9:13 — When asked about Hickenlooper's answer, Bernie Sanders points out that he's ahead of President Trump in the polls.

9:14 — Sen. Kirsten Gillibrand cuts in without being asked a question, and seems to be trying to bridge the divide between the Bernie Sanders side and the more moderate (Hickenlooper) side.

9:15 — Sen. Michael Bennet says we need to enhance Obamacare with a public option, but looks at Bernie Sanders while pointing out that "Vermont rejected Medicare for All!"

9:17 — Pete Buttigieg, Mayor of South Bend, Indiana, says he's for "free college for low- and middle-income students" — but poor people shouldn't need to subsidize "the children of billionaires."

9:18 — Rep. Eric Swalwell jumps in without being asked a question, to say we need "a new generation" to address the student debt issue.

9:18 — Andrew Yang — wearing no tie! — is asked how he'd pay for his plan to give a universal basic income of $1,000 a month to every American adult. He says companies like Amazon are paying no taxes, and he'd fix this by creating a value-added tax (VAT), creating "a trickle-up economy." [VIDEO.]

9:21 — Swalwell talks about being 6 years old when Biden came to his school to say we need to "pass the torch" to a new generation. Biden comes back: "I'm still holding onto that torch!"

9:22 — After Biden answers a question about education, there's some wild, extended cross-talk among Buttigieg, Sanders, and Gillibrand. Finally, Kamala Harris plays the role of the parent stepping in to break up the fight: "America does not want to witness a food fight — they want to know how we're going to put food on their table!"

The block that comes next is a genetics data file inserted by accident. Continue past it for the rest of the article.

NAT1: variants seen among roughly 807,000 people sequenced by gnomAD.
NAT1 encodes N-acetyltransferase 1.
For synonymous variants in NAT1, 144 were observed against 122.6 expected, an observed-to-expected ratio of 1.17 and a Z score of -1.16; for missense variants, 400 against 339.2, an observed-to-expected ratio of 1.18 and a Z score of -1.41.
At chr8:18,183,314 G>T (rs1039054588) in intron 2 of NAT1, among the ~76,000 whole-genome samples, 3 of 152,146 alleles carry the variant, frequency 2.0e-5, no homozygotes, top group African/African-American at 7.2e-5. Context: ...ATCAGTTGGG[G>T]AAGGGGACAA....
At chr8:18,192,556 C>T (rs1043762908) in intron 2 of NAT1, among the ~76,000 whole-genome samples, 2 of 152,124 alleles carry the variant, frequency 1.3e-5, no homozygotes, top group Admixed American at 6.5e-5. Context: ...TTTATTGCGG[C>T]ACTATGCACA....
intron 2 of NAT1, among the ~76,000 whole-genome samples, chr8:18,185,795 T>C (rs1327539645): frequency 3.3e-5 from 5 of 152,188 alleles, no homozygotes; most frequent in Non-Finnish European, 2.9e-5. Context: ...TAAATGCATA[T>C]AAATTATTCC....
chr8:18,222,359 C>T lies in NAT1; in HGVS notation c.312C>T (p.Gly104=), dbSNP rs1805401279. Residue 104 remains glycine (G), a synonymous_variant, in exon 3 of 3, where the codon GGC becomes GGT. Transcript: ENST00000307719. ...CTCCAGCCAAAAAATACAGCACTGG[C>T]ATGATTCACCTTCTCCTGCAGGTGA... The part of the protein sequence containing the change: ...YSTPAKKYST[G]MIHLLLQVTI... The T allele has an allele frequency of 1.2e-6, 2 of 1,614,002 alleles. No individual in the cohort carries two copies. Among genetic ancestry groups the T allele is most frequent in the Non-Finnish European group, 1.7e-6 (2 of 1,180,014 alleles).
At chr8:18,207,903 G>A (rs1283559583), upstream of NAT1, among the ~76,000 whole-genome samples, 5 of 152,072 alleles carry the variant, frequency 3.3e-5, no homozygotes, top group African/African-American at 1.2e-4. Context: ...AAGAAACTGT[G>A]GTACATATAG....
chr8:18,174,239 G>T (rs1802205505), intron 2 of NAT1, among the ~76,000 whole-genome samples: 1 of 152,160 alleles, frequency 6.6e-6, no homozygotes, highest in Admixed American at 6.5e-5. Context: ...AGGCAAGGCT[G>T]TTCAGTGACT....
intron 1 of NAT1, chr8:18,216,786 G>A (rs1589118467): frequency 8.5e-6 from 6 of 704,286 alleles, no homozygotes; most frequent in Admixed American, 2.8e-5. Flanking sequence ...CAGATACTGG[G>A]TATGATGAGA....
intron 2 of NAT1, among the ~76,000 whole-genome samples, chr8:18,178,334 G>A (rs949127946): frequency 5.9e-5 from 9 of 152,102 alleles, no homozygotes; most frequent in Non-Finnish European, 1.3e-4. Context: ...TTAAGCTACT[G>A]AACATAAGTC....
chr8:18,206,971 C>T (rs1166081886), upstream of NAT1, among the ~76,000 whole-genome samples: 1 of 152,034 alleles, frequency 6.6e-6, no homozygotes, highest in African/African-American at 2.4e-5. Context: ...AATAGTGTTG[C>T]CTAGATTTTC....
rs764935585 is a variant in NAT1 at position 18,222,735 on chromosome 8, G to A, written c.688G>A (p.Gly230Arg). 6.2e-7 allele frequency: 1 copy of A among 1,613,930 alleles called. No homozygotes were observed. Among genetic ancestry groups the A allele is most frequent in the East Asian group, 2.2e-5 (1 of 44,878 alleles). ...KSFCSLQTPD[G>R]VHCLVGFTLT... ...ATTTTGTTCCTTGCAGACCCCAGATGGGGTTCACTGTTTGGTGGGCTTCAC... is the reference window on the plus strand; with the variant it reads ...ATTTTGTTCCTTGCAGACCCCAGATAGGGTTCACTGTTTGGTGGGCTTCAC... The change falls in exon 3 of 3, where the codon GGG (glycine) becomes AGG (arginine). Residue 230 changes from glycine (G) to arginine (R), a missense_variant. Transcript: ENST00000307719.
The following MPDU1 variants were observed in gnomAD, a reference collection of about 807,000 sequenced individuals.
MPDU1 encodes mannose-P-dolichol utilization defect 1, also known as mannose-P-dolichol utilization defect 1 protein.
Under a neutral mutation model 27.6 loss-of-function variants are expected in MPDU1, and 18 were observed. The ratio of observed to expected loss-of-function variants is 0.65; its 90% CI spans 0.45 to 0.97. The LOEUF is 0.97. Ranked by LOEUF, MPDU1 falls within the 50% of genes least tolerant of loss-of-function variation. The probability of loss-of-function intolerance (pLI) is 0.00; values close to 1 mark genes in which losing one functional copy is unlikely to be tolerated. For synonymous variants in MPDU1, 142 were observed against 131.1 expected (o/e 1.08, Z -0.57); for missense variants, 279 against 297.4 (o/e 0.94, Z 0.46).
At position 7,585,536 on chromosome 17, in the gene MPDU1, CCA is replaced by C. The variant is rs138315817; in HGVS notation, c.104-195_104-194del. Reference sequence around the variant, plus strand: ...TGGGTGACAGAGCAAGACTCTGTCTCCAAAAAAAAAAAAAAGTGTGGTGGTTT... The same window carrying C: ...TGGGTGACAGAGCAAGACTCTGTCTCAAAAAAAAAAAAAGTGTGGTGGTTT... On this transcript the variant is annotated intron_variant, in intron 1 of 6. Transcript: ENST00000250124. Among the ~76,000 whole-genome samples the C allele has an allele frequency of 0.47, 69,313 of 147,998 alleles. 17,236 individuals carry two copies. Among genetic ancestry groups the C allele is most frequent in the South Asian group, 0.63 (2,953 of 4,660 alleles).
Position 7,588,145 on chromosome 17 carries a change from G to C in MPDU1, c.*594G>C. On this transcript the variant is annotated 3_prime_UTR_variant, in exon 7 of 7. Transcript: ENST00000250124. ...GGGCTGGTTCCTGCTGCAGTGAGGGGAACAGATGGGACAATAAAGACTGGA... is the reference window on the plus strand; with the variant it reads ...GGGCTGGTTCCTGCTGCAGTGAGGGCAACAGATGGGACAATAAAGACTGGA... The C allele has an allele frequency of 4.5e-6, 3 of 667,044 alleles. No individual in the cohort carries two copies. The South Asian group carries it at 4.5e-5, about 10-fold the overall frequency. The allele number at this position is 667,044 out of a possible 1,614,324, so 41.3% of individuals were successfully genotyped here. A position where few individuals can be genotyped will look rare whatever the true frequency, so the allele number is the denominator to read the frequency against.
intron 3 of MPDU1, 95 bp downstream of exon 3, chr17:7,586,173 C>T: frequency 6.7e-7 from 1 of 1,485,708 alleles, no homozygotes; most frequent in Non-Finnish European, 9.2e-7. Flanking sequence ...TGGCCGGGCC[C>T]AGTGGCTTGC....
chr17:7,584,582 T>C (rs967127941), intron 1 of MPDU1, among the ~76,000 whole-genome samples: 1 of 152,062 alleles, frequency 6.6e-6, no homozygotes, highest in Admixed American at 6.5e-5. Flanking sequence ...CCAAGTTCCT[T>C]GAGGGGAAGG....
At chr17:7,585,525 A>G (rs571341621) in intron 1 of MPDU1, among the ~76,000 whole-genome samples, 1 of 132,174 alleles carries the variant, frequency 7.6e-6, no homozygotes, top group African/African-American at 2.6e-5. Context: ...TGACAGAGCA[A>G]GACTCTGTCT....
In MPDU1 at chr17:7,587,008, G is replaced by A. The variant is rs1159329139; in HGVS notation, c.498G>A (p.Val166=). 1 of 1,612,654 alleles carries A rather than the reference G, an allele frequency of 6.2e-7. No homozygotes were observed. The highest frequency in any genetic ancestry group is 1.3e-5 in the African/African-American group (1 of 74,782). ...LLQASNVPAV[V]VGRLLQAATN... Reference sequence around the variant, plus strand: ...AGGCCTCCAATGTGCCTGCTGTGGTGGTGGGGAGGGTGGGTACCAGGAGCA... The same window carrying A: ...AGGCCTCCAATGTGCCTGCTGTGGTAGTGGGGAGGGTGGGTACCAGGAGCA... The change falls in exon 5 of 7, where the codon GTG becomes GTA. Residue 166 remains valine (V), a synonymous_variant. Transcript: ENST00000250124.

9:24 — They're all asked the same question from last night about whether they'd replace private health insurance with a government plan. Bernie Sanders and Kamala Harris raise their hands. Kirsten Gillibrand says she wouldn't do that right away, but she expects that we'd quickly transition to "single-payer" because government would out-compete private insurers.

9:27 — Biden says we need to "build on what we did with Obamacare," cleverly reminding us that he was Obama's veep. He talks about how important health care was to his family when "my wife and daughter were killed in an automobile accident," and his sons were seriously injured; and he talks about his late son's cancer.

9:29 — Bernie Sanders promises to cut the costs of prescription drugs "in half."

9:31 — Marianne Williamson says she generally agrees with the other candidates on health care — but: "If you think we're going to beat Donald Trump with all these plans, you've got another think coming, because he didn't win by having plans; he won by saying make America great again!"

9:33 — Bennet mocks Bernie Sanders for saying private health insurance would be allowed only for "plastic surgery."

9:34 — Kamala Harris tells a moving story about a parent in the familiar situation of taking their child to the hospital with a high fever, but waiting in the car and thinking about the thousands of dollars they'll need to pay if they go through the hospital doors.

9:36 — All the candidates raise their hands to say their health-care programs would cover illegal immigrants.

9:41 — Kamala Harris is asked what "specifically" she would do with people trying to enter the US to apply for asylum. "I will release children from cages! I will get rid of private detention centers."

9:43 — Hickenlooper says ICE is "kidnapping" children. Williamson agrees and says it's "child abuse." "These are state-sponsored crimes."

9:46 — Gillibrand talks about how she'd reform immigration enforcement to be more "community-based."